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You are guaranteed to cook up a juicy, flavorful turkey if you use this brine recipe before grilling or smoking it.
Table of Contents
- Why you should brine your turkey
- Water-to-Salt Ratio
- How much brine do I need
- Do I need to add other ingredients to my brine
- Temperature matters
- How to place the turkey in the brine
- Can I brine in a cooler?
- How long should I brine my turkey?
- Rinse the turkey
- Frequently Asked Questions
- Rubs and Sauces
- Smoked Turkey Brine Recipe
Why you should brine your turkey
We’ve all probably experienced cooking and eating dry meat. It can happen with every protein, not just turkey. Hey, that’s why we have gravy. But there’s nothing better than a properly cooked, juicy bite, and I’m here to help you achieve that.
One way to prevent meat from drying out is to cook it to the proper temperature. But I get it. Life happens. Sometimes we get distracted and overshoot that goal temp. That’s where a brine will save the day.
Brining is the process of soaking your protein in a salt water solution before cooking it. The salt dissolves proteins to tenderize the meat and it helps retain moisture during cooking.
There are many recipes out there for turkey brine. I’m going to be honest. There is no need to get fancy with citrus and herbs or additions like star anise. Save your money.
Instead, you just need water, salt and sugar.
Looking through my cookbooks that are more than 100 years old, the ratio for a brine was 1 pound of salt per 1 gallon of water. That’s a lot of salt. But remember, that was 100 years ago. Today, meat is usually pre-treated before it even hits the grocery store, so we don’t need to be that heavy handed.
The salt you use is important
With that old recipe, a pound of table salt would be about 2 cups; whereas a pound of kosher salt would equal about 4 cups.
My recipe below uses 1 1/2 cups of kosher salt (significantly less), but it’s really important that you use kosher salt. If you choose to use table salt, reduce the amount by half.
There are a couple types of kosher salt, too. Personally, I like Diamond Crystal salt. It’s flakier than Morton’s, so I like how it dissolves.
In addition to the kosher salt, the brine includes my turkey rub, which contains salt, as well.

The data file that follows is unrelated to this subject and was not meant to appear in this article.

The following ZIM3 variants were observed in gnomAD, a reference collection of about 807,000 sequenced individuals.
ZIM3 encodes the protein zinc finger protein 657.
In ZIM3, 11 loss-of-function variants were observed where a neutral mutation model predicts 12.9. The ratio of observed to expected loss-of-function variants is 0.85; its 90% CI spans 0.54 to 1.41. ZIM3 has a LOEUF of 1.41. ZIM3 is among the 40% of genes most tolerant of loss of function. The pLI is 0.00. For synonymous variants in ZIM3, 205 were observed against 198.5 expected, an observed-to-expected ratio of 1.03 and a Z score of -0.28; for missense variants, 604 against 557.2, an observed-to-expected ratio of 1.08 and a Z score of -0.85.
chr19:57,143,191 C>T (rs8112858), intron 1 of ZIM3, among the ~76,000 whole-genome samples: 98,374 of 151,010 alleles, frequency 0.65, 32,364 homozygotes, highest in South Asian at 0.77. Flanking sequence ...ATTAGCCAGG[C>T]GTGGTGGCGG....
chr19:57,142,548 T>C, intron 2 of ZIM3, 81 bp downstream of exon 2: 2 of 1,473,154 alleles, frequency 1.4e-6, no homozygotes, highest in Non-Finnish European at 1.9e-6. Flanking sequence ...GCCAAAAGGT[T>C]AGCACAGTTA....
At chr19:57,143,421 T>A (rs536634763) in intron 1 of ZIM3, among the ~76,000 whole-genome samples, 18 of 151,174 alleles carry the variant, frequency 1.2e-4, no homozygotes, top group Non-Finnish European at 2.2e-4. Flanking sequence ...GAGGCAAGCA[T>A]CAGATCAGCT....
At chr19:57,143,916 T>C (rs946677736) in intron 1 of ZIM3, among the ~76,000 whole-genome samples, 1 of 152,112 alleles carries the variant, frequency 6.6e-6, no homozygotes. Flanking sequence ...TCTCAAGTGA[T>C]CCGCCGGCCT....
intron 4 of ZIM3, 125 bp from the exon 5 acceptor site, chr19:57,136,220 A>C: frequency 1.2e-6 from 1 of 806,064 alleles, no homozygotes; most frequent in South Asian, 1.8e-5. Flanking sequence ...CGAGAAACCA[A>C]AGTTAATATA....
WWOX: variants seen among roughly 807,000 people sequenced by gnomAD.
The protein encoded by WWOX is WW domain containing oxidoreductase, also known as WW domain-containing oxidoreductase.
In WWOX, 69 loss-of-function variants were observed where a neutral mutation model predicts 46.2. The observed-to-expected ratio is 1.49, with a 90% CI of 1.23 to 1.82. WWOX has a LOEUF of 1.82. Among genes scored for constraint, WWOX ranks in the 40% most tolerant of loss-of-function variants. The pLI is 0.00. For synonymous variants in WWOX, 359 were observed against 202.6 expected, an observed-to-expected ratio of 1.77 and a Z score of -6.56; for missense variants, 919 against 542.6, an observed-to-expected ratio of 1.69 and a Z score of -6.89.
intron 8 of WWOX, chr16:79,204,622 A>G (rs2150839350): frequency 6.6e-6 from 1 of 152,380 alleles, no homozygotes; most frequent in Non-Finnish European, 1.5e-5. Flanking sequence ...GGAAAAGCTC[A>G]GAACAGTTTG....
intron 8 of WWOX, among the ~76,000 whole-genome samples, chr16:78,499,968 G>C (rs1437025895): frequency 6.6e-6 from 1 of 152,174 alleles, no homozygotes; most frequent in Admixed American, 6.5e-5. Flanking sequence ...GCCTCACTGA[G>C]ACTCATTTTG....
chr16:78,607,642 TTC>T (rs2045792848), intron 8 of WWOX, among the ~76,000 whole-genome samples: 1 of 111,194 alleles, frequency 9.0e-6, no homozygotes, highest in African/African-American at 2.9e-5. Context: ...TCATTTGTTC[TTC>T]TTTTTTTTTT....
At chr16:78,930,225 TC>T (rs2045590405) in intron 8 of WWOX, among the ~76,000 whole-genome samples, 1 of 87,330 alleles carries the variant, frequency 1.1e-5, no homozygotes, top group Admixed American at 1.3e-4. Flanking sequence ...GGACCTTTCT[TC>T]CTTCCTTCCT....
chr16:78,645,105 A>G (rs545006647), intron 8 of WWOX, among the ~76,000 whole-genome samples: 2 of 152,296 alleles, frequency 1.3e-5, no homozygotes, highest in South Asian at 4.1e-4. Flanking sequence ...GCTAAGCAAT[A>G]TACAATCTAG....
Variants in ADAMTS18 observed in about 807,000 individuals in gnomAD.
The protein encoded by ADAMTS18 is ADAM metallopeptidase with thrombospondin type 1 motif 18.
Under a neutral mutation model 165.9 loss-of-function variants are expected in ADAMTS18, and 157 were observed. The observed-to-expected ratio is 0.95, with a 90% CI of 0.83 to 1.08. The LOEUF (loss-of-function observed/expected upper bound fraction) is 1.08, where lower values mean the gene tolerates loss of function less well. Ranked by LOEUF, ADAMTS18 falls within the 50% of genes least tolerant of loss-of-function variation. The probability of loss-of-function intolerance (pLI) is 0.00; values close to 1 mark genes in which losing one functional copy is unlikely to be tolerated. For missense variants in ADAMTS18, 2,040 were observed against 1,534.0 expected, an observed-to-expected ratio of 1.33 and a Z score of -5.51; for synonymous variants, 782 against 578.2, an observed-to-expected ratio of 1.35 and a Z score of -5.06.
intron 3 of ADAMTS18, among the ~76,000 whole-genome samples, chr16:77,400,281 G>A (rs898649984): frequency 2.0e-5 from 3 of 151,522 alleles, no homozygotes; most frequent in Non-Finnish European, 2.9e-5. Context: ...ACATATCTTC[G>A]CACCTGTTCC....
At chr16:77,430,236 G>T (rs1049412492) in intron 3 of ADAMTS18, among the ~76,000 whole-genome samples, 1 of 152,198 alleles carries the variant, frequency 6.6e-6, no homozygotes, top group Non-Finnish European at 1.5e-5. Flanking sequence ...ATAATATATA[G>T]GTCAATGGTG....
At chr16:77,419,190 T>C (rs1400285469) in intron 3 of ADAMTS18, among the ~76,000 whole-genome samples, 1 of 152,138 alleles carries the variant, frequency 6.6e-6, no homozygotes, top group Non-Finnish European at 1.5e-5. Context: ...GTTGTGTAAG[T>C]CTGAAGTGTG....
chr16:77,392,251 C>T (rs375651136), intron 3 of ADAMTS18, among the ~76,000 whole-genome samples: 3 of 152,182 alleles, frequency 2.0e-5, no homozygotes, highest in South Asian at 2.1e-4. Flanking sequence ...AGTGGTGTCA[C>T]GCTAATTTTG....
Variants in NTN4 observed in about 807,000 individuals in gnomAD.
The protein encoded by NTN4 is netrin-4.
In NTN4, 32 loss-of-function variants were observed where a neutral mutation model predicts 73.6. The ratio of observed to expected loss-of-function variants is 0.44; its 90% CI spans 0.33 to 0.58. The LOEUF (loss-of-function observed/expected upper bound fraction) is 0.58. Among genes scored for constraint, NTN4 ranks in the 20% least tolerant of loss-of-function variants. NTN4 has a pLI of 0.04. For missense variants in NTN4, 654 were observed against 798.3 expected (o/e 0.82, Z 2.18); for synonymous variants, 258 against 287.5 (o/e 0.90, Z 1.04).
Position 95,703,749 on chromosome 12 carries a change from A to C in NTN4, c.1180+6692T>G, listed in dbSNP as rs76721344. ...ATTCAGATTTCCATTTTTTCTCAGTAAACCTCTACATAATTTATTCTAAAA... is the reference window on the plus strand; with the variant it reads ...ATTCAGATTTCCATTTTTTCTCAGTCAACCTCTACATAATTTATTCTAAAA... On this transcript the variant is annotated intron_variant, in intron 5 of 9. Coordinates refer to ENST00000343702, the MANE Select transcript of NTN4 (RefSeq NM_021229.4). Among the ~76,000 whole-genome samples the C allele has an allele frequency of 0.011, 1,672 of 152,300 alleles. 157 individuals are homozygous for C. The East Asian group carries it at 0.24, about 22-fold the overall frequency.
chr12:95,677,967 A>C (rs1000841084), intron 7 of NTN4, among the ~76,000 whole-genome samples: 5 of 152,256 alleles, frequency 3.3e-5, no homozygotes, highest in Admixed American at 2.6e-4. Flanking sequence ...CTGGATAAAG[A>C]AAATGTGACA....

The only other ingredient I add to my turkey brine is granulated white sugar. You can use brown sugar, but it costs twice as a much as white sugar, and I don’t really notice much difference.
Adding sugar to your brine helps brown the turkey, but it’s completely optional.
How much brine do I need
The amount of smoked turkey brine you need will vary, depending on the size of the turkey and the container you’re going to brine it in. A narrow container, like a 5-gallon bucket will require less brine than a large cooler.
You need about 2 1/2 cups of brine for every pound of turkey you have. So a 12-pound whole turkey would need about 1 gallon of brine while a 20-pound turkey would need about 3 gallons.
The recipe below makes 2 gallons or 32 cups, which is perfect for a 16-pound bird brined in a 5-gallon bucket. If you’re making a smaller or larger turkey, follow the chart above.
I always make extra, just in case. My Pops taught me: It’s better to have it and not need it, then need it and not have it.
Do I need to add other ingredients to my brine
The short answer is no. The purpose of the smoked turkey brine is not to flavor the bird, it’s to help ensure moistness of the meat.
But if you feel you can taste the difference, go for it. Toss in those fresh herbs, bay leaves and citrus slices. Personally, I get the essence of lemon and thyme by just mixing in some of my turkey rub.
For the brine to properly work, you need to dissolve the sugar and salt. That requires heating it on the stove. The problem is in order to keep your turkey in the safe zone, you need to cool the water to room temperature (68F degrees) before soaking the bird. I don’t like waiting for that.
So instead of boiling 2 gallons of water, I only boil one gallon to dissolve the salt and sugar. Then, I stir in 16 cups of ice, which will quickly melt and bring the entire pot down to about to a safe temperature. It’s okay if all of the ice doesn’t melt.